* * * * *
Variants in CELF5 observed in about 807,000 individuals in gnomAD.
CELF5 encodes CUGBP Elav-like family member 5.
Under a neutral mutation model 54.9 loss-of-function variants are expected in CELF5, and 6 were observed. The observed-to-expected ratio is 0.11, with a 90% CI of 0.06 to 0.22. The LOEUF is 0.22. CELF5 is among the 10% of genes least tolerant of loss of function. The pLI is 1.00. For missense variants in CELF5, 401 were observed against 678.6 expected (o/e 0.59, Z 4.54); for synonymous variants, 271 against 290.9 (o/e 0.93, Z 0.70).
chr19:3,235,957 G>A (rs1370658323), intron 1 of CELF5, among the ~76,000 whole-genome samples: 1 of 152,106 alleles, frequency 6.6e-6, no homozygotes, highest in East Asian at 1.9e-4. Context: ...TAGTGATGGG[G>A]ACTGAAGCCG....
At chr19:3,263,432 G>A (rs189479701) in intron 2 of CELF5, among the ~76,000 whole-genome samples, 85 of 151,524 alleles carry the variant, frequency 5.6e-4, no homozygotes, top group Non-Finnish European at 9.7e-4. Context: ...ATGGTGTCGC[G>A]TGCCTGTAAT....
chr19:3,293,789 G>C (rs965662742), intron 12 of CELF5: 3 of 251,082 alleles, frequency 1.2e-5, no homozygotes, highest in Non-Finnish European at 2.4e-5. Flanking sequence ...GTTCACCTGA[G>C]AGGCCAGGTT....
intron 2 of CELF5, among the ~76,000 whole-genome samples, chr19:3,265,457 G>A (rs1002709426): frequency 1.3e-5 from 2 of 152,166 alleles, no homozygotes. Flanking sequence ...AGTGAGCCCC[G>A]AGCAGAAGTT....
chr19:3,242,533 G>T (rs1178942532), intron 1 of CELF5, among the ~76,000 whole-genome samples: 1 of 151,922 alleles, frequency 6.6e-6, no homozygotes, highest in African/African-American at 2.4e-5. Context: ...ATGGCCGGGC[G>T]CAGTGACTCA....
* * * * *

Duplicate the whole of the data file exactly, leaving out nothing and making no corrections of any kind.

Variants in CELF5 observed in about 807,000 individuals in gnomAD.
CELF5 encodes CUGBP Elav-like family member 5.
Under a neutral mutation model 54.9 loss-of-function variants are expected in CELF5, and 6 were observed. The observed-to-expected ratio is 0.11, with a 90% CI of 0.06 to 0.22. The LOEUF is 0.22. CELF5 is among the 10% of genes least tolerant of loss of function. The pLI is 1.00. For missense variants in CELF5, 401 were observed against 678.6 expected (o/e 0.59, Z 4.54); for synonymous variants, 271 against 290.9 (o/e 0.93, Z 0.70).
chr19:3,235,957 G>A (rs1370658323), intron 1 of CELF5, among the ~76,000 whole-genome samples: 1 of 152,106 alleles, frequency 6.6e-6, no homozygotes, highest in East Asian at 1.9e-4. Context: ...TAGTGATGGG[G>A]ACTGAAGCCG....
At chr19:3,263,432 G>A (rs189479701) in intron 2 of CELF5, among the ~76,000 whole-genome samples, 85 of 151,524 alleles carry the variant, frequency 5.6e-4, no homozygotes, top group Non-Finnish European at 9.7e-4. Context: ...ATGGTGTCGC[G>A]TGCCTGTAAT....
chr19:3,293,789 G>C (rs965662742), intron 12 of CELF5: 3 of 251,082 alleles, frequency 1.2e-5, no homozygotes, highest in Non-Finnish European at 2.4e-5. Flanking sequence ...GTTCACCTGA[G>C]AGGCCAGGTT....
intron 2 of CELF5, among the ~76,000 whole-genome samples, chr19:3,265,457 G>A (rs1002709426): frequency 1.3e-5 from 2 of 152,166 alleles, no homozygotes. Flanking sequence ...AGTGAGCCCC[G>A]AGCAGAAGTT....
chr19:3,242,533 G>T (rs1178942532), intron 1 of CELF5, among the ~76,000 whole-genome samples: 1 of 151,922 alleles, frequency 6.6e-6, no homozygotes, highest in African/African-American at 2.4e-5. Context: ...ATGGCCGGGC[G>T]CAGTGACTCA....